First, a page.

With NaNoWriMo less than a month away I'm getting ready by brushing up my novel-writing skills by re-reading my favorite books on plotting, outlining, character arcs, and story structure. Read on for my recommendations for beginner novelists to seasoned writers!

With NaNoWriMo less than a month away I'm getting ready by brushing up my novel-writing skills by re-reading my favorite books on plotting, outlining, character arcs, and story structure. Read the post to see my recommendations for beginner novelists to seasoned writers >>>

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First-time Novelists

When you’re just starting out, the best place to begin is with story structure. Writing a novel can feel like a huge, overwhelming task, and story structure will help break it down into manageable pieces. These books are perfect for new writers—very approachable, easy-to-understand writing, and often concise (so, short!) which makes them less intimidating reads.

Outlining Your Novel by K.M. Weiland

Outlining Your Novel by K.M. Weiland

The best way I can describe Outlining Your Novel is as a roadmap for writing novels. K.M. Weiland is so great at breaking down story-telling into manageable bites. It’s a perfect book for those getting started with novel-writing but also a great resource for writers who want a refresher. I also love this book because it offers such a flexible approach to outlining. Even if you think you’re allergic to outlining I’d recommend giving this book a try.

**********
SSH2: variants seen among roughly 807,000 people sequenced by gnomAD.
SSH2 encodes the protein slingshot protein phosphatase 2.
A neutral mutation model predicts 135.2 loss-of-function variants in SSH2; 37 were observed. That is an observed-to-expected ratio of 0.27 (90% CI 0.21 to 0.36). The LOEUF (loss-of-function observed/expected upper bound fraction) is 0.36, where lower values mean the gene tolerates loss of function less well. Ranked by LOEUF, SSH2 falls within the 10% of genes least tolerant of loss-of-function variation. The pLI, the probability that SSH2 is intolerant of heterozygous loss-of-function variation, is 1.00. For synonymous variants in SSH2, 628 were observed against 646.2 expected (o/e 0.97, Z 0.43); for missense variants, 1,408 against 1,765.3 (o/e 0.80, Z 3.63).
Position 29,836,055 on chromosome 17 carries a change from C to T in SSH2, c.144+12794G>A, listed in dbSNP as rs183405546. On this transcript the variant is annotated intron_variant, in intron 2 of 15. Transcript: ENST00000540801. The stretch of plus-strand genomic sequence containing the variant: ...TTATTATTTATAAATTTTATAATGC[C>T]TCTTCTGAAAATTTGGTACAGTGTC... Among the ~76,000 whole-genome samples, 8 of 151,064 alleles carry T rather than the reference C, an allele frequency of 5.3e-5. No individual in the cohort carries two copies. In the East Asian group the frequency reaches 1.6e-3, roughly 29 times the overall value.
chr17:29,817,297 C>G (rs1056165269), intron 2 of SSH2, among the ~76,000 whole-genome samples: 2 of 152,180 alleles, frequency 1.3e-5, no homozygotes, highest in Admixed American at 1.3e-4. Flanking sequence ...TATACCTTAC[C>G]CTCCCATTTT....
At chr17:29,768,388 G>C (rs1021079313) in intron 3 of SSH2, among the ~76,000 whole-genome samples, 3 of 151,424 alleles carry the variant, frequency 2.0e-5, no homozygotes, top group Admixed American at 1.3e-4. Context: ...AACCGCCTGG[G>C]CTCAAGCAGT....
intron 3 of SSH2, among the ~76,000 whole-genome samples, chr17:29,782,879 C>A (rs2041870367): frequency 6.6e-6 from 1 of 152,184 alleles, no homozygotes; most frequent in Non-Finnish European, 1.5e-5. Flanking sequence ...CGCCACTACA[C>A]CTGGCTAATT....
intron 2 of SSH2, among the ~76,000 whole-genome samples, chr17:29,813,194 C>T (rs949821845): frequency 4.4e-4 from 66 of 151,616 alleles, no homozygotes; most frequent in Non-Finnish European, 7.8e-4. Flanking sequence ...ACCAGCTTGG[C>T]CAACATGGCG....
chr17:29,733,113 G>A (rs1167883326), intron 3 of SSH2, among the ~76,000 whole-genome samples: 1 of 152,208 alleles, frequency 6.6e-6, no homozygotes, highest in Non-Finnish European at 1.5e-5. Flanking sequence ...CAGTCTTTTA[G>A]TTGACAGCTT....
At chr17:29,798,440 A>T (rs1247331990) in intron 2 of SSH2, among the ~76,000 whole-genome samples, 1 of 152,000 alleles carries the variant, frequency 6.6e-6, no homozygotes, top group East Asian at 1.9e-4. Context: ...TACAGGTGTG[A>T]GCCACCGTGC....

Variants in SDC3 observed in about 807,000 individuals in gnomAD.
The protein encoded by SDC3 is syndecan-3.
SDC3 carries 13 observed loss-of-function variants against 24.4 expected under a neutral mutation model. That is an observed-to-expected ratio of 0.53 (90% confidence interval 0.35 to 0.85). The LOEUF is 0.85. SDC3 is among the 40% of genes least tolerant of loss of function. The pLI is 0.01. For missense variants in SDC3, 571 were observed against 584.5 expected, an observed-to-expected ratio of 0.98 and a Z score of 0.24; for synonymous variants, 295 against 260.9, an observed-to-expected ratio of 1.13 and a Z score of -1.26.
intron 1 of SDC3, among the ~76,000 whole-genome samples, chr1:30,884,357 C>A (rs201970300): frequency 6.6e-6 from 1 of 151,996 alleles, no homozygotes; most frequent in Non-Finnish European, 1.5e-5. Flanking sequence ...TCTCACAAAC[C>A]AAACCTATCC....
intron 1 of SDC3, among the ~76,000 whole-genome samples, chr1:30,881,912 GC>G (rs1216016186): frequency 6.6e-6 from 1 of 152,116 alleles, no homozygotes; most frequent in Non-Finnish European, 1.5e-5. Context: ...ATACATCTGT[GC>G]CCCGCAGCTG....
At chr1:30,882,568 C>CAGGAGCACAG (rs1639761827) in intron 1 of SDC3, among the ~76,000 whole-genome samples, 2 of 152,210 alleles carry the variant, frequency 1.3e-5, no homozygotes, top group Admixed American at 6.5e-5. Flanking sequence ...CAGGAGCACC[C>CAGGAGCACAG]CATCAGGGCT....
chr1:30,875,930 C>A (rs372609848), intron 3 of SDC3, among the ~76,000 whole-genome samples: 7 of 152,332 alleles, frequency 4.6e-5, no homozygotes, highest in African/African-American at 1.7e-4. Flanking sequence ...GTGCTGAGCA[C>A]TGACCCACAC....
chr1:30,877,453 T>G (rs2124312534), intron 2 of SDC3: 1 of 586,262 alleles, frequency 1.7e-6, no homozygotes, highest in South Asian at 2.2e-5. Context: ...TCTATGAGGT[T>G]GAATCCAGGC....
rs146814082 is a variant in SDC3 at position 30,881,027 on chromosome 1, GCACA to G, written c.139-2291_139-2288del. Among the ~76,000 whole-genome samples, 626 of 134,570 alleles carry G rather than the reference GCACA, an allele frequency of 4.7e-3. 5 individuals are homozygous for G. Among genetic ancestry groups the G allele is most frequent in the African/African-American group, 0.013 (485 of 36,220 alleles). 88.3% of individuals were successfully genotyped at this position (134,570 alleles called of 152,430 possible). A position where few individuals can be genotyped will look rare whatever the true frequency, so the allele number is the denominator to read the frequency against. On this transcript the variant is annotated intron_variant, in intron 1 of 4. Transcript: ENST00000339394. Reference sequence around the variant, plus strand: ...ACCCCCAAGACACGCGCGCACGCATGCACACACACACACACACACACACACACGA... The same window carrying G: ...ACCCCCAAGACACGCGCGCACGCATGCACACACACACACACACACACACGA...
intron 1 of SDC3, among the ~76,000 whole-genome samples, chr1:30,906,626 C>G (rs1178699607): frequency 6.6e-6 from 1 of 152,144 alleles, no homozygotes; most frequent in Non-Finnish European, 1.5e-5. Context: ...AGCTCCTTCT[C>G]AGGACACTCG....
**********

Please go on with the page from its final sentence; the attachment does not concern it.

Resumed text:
Structuring Your Novel by K.M. Weiland

Structuring Your Novel by K.M. Weiland

Another great book from K.M. Weiland, Structuring Your Novel goes a little deeper into what makes stories work (or fail) and how to look critically at your own stories. A perfect primer for new writers and a helpful resource for those about to dive into revisions.

Creating Character Arcs: The Masterful Author’s Guide to Uniting Story Structure by K.M. Weiland

Creating Character Arcs: The Masterful Author's Guide to Uniting Story Structure by K.M. Weiland

The secret is out: I’m a K.M. Weiland fangirl. She’s just so good at breaking down writing in a way that makes it easy to understand. (Her blog, Helping Writers Become Authors, is also fantastic, btw.)

But back to the book: Character arcs are an essential piece of the storytelling puzzle. Understanding how to use them effectively is super important and Creating Character Arcs is an excellent read if you want to understand how arcs work with story structure.

Save the Cat! The Last Book on Screenwriting You’ll Ever Need by Blake Snyder

Save the Cat! The Last Book on Screenwriting You'll Ever Need by Blake Snyder

Although written for screenwriters this book is worth reading for the scene-by-scene beat sheet alone. I wouldn’t recommend making this your only writing resource (screenwriting is not novel writing… although they do have a lot in common), but it is absolutely worth reading.

Writing the Breakout Novel: Insider Advice for Taking Your Fiction to the Next Level by Donald Maass

Writing the Breakout Novel: Insider Advice for Taking Your Fiction to the Next Level by Donald Maass

Writing the Breakout Novel is a longer read about helping take your novel from blah to epic. It’s written by Donald Maass, an author and literary agent, who absolutely knows what he’s talking about. If you like this book, I recommend pairing it with the corresponding workbook, Writing the Breakout Novel Workbook. Whether you’re a new novelist or someone who’s been writing for a while, the workbook and book are worth going through at least once.